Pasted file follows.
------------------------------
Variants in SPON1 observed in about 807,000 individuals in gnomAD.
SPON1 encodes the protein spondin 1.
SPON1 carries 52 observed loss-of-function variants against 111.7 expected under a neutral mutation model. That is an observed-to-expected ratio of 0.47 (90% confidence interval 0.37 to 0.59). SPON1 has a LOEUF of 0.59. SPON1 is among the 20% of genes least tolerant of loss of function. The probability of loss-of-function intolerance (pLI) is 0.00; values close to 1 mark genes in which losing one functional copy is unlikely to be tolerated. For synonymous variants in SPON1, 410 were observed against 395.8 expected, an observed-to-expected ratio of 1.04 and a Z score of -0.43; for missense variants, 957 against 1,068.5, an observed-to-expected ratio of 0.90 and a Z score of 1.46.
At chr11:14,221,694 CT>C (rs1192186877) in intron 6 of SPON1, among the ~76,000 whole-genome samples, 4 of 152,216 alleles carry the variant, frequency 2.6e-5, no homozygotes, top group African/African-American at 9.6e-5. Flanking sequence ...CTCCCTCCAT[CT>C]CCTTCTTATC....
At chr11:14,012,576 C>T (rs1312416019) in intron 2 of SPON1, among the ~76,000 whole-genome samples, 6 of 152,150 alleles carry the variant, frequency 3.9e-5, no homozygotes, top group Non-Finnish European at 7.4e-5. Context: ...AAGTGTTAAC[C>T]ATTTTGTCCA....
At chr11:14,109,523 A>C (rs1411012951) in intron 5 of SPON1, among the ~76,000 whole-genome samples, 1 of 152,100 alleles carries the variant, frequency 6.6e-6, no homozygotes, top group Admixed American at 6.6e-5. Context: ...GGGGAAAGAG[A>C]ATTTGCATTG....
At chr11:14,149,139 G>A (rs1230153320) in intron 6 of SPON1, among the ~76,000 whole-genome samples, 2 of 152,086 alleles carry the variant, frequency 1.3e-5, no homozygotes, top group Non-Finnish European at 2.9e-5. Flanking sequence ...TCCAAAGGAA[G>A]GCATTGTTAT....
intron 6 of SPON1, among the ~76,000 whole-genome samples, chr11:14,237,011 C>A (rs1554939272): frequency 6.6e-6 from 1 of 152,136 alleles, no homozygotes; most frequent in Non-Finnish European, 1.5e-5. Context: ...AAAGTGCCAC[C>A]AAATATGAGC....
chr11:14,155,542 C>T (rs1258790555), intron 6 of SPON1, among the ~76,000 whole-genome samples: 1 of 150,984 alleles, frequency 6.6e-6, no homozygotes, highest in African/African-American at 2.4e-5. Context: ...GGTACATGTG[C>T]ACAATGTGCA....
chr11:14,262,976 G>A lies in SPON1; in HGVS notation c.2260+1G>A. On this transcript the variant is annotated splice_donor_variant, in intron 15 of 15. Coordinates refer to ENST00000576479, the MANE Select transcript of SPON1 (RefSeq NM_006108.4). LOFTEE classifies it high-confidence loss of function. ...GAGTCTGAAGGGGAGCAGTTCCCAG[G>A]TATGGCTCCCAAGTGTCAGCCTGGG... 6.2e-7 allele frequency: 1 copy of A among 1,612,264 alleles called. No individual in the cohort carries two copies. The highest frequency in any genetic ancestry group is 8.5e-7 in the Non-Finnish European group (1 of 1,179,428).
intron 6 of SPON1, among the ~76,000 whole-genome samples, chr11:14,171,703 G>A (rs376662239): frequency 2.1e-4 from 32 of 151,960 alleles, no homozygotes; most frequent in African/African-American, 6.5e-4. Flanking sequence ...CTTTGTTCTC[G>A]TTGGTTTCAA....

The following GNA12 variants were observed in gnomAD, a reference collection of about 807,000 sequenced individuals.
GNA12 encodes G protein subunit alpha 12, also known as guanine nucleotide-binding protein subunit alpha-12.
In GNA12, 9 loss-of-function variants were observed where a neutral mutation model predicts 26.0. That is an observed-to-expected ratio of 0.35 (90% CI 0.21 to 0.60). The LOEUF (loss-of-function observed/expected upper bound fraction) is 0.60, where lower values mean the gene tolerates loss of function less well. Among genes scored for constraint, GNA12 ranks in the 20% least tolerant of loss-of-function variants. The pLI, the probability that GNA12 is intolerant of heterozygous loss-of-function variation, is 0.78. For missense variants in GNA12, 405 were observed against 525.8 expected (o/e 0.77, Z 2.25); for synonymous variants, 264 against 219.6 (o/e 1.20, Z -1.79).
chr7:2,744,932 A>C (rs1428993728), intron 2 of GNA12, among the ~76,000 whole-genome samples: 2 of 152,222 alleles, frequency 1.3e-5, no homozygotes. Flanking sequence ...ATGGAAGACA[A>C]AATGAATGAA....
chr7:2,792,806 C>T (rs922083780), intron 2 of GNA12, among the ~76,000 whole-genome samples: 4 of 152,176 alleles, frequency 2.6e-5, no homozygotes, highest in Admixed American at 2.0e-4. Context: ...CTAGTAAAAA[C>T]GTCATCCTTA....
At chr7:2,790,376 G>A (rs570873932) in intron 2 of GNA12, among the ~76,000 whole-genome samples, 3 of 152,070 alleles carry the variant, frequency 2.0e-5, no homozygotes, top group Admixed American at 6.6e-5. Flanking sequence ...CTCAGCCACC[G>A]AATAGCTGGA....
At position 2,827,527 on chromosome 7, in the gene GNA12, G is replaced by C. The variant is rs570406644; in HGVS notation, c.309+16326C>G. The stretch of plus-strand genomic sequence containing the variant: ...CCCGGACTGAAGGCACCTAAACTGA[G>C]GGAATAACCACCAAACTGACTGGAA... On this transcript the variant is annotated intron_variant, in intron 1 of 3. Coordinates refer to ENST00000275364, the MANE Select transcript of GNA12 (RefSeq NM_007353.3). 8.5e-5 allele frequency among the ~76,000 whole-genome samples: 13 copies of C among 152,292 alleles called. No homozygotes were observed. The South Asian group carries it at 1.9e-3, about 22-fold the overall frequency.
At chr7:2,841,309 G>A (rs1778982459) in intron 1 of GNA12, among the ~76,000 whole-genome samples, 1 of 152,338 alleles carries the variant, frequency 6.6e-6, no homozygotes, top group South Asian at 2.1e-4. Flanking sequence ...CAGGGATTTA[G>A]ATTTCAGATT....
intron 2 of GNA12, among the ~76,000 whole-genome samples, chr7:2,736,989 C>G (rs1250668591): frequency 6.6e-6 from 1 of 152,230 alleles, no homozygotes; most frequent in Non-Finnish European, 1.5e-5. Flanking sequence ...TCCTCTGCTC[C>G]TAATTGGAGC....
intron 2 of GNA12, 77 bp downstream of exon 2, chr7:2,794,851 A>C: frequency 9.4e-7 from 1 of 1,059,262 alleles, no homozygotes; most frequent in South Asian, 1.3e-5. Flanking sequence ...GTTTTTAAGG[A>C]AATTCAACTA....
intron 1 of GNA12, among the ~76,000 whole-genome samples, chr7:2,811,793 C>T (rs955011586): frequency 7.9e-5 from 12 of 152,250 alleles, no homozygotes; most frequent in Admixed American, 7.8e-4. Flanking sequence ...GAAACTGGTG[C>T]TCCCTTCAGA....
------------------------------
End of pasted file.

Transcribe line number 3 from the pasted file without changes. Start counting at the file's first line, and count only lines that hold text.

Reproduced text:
SPON1 carries 52 observed loss-of-function variants against 111.7 expected under a neutral mutation model. That is an observed-to-expected ratio of 0.47 (90% confidence interval 0.37 to 0.59). SPON1 has a LOEUF of 0.59. SPON1 is among the 20% of genes least tolerant of loss of function. The probability of loss-of-function intolerance (pLI) is 0.00; values close to 1 mark genes in which losing one functional copy is unlikely to be tolerated. For synonymous variants in SPON1, 410 were observed against 395.8 expected, an observed-to-expected ratio of 1.04 and a Z score of -0.43; for missense variants, 957 against 1,068.5, an observed-to-expected ratio of 0.90 and a Z score of 1.46.